By. Dr. Zulfikar Bux
Assistant Professor of Emergency Medicine, Vanderbilt Medical Center
Kaieteur News – A recent model study carried out by researchers from Stanford and Northwestern Universities, had some interesting findings that I thought was worth sharing with you today. The study used cell phone location data to track the movements of 98 million Americans in some metropolitan cities and came up with hotspot areas where infections were likelier to spread. It focused more on social sites and did not include schools, nursing homes, prisons, etc. that are known to be associated with COVID-19 outbreaks. Today, I will share with you the list of places that were considered high risk so that you can be more careful and selective when or if you have to visit them.
Persons who eat at these places will have to spend some amount of time eating and have to be without masks to eat. The fact that they are in an enclosed space with others, makes it a very suitable environment for the virus to spread.
Gyms tend to be enclosed and those that exercise breathe harder and faster. Someone with an infection will therefore expel more virus while they are exercising. This will expose others to higher inoculations of the virus which is circulating in the closed space. Also, equipment used in gyms are touched by many persons on a daily basis. The coronavirus can persist on these surfaces for hours (sometimes days) and come in contact with others.
Some hotels recirculate their air from split air conditioning units. This will obviously keep the virus particles in closed spaces longer if an infected person enters one of the closed spaces. In addition, indoor eating, swimming at pools and coming in contact with others at hotels will increase one’s risk of coming in contact with the virus.
Religious gatherings tend to bring groups of persons in close proximity to each other in mostly closed spaces over a period of time. There may be loud speaking or singing at these gatherings. The louder someone that is infected yells, the more virus they will expel and the further it will travel. This will obviously increase the risk for others around who are closer together in a closed space for a protracted period.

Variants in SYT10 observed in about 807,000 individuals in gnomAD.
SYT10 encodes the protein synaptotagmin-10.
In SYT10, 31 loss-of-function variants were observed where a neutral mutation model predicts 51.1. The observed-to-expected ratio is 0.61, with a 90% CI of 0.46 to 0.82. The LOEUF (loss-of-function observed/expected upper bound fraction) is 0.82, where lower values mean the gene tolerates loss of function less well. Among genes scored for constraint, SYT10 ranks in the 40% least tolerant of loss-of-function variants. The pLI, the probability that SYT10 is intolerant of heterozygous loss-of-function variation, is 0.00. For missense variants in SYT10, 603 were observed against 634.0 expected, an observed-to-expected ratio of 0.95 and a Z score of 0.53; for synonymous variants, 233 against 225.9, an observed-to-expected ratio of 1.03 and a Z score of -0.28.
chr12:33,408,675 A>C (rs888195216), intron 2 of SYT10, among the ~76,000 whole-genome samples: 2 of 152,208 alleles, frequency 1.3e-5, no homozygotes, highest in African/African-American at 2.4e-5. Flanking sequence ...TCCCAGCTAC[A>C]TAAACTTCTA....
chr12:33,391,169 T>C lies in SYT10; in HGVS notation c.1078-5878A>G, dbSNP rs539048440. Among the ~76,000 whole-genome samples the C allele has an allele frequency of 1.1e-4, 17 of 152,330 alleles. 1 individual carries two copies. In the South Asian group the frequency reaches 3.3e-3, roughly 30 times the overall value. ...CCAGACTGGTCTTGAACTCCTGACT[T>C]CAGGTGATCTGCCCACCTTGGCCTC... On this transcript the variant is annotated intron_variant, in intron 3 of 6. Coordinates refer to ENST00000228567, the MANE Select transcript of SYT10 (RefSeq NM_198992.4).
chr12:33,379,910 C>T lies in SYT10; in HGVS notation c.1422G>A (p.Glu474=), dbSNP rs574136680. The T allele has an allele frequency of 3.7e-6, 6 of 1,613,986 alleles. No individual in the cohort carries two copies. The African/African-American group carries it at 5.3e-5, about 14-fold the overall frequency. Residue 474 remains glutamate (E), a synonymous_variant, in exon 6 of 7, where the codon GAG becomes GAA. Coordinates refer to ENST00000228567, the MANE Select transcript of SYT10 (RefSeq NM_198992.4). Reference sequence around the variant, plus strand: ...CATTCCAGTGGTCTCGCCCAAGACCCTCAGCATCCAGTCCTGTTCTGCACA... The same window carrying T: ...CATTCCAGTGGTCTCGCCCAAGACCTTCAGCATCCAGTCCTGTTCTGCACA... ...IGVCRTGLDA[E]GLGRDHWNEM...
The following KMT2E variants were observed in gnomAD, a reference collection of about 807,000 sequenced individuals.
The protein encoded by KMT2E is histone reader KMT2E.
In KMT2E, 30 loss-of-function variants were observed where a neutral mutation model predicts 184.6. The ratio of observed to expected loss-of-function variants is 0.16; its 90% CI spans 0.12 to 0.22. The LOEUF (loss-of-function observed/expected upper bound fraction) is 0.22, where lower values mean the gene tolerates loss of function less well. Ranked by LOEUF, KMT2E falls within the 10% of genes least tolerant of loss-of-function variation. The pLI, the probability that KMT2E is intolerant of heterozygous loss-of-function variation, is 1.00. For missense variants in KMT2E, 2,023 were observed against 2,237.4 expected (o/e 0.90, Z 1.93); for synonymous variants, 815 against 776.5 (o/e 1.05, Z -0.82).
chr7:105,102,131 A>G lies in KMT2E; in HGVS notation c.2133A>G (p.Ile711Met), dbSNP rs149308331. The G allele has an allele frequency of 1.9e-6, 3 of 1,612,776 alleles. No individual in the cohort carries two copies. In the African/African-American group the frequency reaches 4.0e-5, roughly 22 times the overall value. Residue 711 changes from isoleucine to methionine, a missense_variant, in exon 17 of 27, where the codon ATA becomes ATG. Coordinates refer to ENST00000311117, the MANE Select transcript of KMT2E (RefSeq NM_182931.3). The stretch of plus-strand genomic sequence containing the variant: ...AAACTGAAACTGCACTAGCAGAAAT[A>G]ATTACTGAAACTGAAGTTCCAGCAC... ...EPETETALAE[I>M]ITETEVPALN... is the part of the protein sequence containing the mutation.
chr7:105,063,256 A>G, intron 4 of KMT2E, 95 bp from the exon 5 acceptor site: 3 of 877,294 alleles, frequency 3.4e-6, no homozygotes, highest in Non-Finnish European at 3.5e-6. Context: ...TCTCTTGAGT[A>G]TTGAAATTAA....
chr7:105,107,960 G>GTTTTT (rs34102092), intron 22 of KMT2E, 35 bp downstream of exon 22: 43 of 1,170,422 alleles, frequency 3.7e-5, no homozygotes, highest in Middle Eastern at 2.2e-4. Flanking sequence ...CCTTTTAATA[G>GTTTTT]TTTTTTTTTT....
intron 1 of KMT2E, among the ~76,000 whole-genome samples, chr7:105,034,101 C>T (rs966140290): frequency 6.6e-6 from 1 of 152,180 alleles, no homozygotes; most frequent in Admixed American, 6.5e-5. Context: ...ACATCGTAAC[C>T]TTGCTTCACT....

Crowds in small spaces with long exposure
The researchers found that it only takes a small amount of infected persons to infect a larger group in such settings. They concluded that these spaces all share similar factors; they are small, closed spaces that are crowded with people who tend to dwell there for longer periods.
It does not mean that we should avoid these places altogether. We have to live and adapt to life with this virus for at least the next year. The researchers stated that capping capacity at 20 percent of maximum occupancy can reduce the infections by more than 80 percent in such spaces. This will mean that these sites will only lose around 40 percent of the visits when compared to fully reopening with usual maximum occupancy. Risk can be decreased further if visitors minimize the time they spend at these sites and while wearing their masks.
We should therefore be more selective in where we go and how we expose ourselves. It doesn’t mean that you should avoid these spaces; all you need to do is take what you’ve learnt today and apply it smartly while behaving responsibly.
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